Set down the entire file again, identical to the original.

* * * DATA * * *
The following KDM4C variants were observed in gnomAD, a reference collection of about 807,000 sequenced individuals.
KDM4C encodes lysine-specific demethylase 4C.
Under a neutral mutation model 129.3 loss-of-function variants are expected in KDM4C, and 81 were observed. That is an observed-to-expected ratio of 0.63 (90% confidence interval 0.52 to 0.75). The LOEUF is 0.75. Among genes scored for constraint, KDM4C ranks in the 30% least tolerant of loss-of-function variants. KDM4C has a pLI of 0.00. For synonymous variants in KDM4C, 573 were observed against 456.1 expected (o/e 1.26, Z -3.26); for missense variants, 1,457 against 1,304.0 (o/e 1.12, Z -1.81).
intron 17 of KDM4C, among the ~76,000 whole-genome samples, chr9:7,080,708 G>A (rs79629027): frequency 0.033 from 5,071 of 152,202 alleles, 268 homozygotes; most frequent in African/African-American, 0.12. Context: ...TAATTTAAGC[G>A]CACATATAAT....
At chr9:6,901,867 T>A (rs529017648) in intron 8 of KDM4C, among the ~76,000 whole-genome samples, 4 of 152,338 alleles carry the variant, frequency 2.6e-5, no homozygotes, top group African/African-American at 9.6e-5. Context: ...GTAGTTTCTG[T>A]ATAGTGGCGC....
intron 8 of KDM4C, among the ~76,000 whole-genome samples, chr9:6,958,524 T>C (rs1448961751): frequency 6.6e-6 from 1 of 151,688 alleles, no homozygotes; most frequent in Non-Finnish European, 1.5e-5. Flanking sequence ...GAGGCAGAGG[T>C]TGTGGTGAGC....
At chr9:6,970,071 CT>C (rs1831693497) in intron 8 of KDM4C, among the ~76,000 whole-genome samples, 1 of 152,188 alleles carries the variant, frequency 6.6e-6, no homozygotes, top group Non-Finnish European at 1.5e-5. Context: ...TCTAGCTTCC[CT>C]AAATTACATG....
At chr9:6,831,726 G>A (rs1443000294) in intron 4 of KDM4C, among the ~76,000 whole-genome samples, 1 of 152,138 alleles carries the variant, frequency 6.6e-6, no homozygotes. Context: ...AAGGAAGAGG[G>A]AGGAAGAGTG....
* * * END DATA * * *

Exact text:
The following KDM4C variants were observed in gnomAD, a reference collection of about 807,000 sequenced individuals.
KDM4C encodes lysine-specific demethylase 4C.
Under a neutral mutation model 129.3 loss-of-function variants are expected in KDM4C, and 81 were observed. That is an observed-to-expected ratio of 0.63 (90% confidence interval 0.52 to 0.75). The LOEUF is 0.75. Among genes scored for constraint, KDM4C ranks in the 30% least tolerant of loss-of-function variants. KDM4C has a pLI of 0.00. For synonymous variants in KDM4C, 573 were observed against 456.1 expected (o/e 1.26, Z -3.26); for missense variants, 1,457 against 1,304.0 (o/e 1.12, Z -1.81).
intron 17 of KDM4C, among the ~76,000 whole-genome samples, chr9:7,080,708 G>A (rs79629027): frequency 0.033 from 5,071 of 152,202 alleles, 268 homozygotes; most frequent in African/African-American, 0.12. Context: ...TAATTTAAGC[G>A]CACATATAAT....
At chr9:6,901,867 T>A (rs529017648) in intron 8 of KDM4C, among the ~76,000 whole-genome samples, 4 of 152,338 alleles carry the variant, frequency 2.6e-5, no homozygotes, top group African/African-American at 9.6e-5. Context: ...GTAGTTTCTG[T>A]ATAGTGGCGC....
intron 8 of KDM4C, among the ~76,000 whole-genome samples, chr9:6,958,524 T>C (rs1448961751): frequency 6.6e-6 from 1 of 151,688 alleles, no homozygotes; most frequent in Non-Finnish European, 1.5e-5. Flanking sequence ...GAGGCAGAGG[T>C]TGTGGTGAGC....
At chr9:6,970,071 CT>C (rs1831693497) in intron 8 of KDM4C, among the ~76,000 whole-genome samples, 1 of 152,188 alleles carries the variant, frequency 6.6e-6, no homozygotes, top group Non-Finnish European at 1.5e-5. Context: ...TCTAGCTTCC[CT>C]AAATTACATG....
At chr9:6,831,726 G>A (rs1443000294) in intron 4 of KDM4C, among the ~76,000 whole-genome samples, 1 of 152,138 alleles carries the variant, frequency 6.6e-6, no homozygotes. Context: ...AAGGAAGAGG[G>A]AGGAAGAGTG....